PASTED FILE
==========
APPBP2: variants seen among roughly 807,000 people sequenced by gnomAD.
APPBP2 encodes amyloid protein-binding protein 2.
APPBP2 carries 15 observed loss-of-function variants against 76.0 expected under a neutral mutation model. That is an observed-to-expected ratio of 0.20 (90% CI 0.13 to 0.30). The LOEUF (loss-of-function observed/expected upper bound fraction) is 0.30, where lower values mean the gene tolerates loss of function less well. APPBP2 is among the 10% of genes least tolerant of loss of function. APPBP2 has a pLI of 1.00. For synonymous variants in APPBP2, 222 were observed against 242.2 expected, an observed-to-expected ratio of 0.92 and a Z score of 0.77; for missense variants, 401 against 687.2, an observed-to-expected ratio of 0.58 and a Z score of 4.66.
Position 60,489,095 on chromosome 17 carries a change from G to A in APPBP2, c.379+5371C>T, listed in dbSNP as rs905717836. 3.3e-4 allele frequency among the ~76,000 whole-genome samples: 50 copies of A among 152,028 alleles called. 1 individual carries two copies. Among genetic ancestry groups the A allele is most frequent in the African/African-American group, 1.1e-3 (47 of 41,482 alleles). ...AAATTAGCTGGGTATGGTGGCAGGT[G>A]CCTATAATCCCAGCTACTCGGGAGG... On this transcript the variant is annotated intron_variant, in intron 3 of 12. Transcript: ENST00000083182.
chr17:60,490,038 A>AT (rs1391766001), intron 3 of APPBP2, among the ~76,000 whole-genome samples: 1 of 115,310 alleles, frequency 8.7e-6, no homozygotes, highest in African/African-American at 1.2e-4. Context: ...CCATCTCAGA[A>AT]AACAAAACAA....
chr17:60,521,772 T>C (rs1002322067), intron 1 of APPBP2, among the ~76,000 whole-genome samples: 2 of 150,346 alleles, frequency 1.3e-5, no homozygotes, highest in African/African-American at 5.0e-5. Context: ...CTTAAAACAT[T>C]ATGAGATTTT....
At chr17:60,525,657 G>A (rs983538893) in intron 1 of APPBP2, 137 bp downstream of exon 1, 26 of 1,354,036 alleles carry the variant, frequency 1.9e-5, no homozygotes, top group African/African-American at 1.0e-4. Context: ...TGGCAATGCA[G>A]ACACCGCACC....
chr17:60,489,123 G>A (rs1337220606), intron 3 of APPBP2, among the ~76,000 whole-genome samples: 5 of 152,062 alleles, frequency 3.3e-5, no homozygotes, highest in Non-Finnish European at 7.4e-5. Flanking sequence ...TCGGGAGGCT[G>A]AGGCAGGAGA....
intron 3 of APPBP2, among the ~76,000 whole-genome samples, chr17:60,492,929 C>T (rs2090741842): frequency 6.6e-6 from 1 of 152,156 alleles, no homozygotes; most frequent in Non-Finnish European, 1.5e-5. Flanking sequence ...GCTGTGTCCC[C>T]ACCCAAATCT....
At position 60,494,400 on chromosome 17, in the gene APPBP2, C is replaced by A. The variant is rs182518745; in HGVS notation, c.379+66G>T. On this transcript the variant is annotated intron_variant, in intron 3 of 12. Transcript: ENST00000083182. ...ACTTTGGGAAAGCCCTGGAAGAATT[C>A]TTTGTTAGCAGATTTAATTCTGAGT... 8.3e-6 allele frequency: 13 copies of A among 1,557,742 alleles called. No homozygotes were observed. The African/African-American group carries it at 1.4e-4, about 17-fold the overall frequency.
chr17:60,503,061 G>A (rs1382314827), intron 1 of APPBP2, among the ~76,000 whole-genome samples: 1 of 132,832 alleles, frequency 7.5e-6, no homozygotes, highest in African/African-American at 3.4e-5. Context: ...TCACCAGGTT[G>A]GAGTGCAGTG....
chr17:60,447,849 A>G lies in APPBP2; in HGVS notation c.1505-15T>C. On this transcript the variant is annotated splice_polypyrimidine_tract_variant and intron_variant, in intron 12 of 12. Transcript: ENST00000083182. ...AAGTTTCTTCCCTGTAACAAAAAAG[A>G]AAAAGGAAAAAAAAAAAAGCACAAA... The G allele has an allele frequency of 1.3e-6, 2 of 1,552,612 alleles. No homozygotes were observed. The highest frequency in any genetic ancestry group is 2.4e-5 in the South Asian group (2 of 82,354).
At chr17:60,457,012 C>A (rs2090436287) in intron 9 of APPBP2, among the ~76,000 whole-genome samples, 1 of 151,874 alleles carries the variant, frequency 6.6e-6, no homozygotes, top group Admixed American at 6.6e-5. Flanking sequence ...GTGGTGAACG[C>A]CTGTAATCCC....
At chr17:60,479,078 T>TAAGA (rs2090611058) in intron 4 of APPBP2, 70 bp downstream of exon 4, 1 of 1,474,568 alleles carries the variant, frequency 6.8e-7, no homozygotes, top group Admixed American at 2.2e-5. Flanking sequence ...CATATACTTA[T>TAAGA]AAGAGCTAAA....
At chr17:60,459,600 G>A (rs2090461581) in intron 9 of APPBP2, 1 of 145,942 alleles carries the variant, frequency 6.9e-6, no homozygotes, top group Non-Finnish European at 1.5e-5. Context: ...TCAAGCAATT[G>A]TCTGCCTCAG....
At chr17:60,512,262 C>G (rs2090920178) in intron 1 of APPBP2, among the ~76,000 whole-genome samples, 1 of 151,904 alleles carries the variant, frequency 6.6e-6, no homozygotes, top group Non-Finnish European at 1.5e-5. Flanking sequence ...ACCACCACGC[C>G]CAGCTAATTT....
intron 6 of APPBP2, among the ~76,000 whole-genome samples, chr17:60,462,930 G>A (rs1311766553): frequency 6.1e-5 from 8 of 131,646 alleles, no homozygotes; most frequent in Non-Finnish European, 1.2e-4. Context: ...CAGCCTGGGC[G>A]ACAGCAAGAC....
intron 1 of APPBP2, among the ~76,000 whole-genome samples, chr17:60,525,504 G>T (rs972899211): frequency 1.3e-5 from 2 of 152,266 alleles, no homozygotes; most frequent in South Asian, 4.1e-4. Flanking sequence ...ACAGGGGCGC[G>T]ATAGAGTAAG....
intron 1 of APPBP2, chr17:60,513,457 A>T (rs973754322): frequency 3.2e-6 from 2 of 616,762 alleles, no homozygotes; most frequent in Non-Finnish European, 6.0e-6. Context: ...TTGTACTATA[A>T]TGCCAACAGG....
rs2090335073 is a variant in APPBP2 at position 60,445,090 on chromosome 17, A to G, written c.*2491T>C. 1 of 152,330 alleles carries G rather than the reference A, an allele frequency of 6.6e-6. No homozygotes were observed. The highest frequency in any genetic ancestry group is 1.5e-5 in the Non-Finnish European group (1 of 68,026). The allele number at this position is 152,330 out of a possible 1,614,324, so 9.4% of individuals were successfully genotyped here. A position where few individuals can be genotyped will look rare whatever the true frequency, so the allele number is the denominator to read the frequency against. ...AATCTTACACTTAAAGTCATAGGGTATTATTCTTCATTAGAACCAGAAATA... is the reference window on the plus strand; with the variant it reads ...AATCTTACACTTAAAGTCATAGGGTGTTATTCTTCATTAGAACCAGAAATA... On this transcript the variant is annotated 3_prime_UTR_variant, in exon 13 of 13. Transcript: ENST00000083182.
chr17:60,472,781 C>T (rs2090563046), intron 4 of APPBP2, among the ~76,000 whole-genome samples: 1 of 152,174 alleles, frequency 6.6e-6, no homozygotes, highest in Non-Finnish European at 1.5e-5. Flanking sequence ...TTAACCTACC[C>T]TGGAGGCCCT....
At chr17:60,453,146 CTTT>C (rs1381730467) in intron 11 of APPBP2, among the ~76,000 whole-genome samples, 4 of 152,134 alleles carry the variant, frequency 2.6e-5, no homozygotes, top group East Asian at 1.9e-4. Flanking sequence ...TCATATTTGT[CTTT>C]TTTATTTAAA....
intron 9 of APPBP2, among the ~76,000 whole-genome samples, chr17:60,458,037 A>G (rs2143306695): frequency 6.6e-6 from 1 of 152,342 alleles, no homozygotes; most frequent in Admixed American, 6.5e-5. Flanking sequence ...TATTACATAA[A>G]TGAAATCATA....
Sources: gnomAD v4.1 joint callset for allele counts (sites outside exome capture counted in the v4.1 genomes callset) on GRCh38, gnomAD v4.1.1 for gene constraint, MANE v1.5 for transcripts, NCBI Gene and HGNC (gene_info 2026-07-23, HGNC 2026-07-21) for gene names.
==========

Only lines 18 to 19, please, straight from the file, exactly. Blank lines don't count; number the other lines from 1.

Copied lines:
intron 1 of APPBP2, among the ~76,000 whole-genome samples, chr17:60,525,504 G>T (rs972899211): frequency 1.3e-5 from 2 of 152,266 alleles, no homozygotes; most frequent in South Asian, 4.1e-4. Flanking sequence ...ACAGGGGCGC[G>T]ATAGAGTAAG....
intron 1 of APPBP2, chr17:60,513,457 A>T (rs973754322): frequency 3.2e-6 from 2 of 616,762 alleles, no homozygotes; most frequent in Non-Finnish European, 6.0e-6. Context: ...TTGTACTATA[A>T]TGCCAACAGG....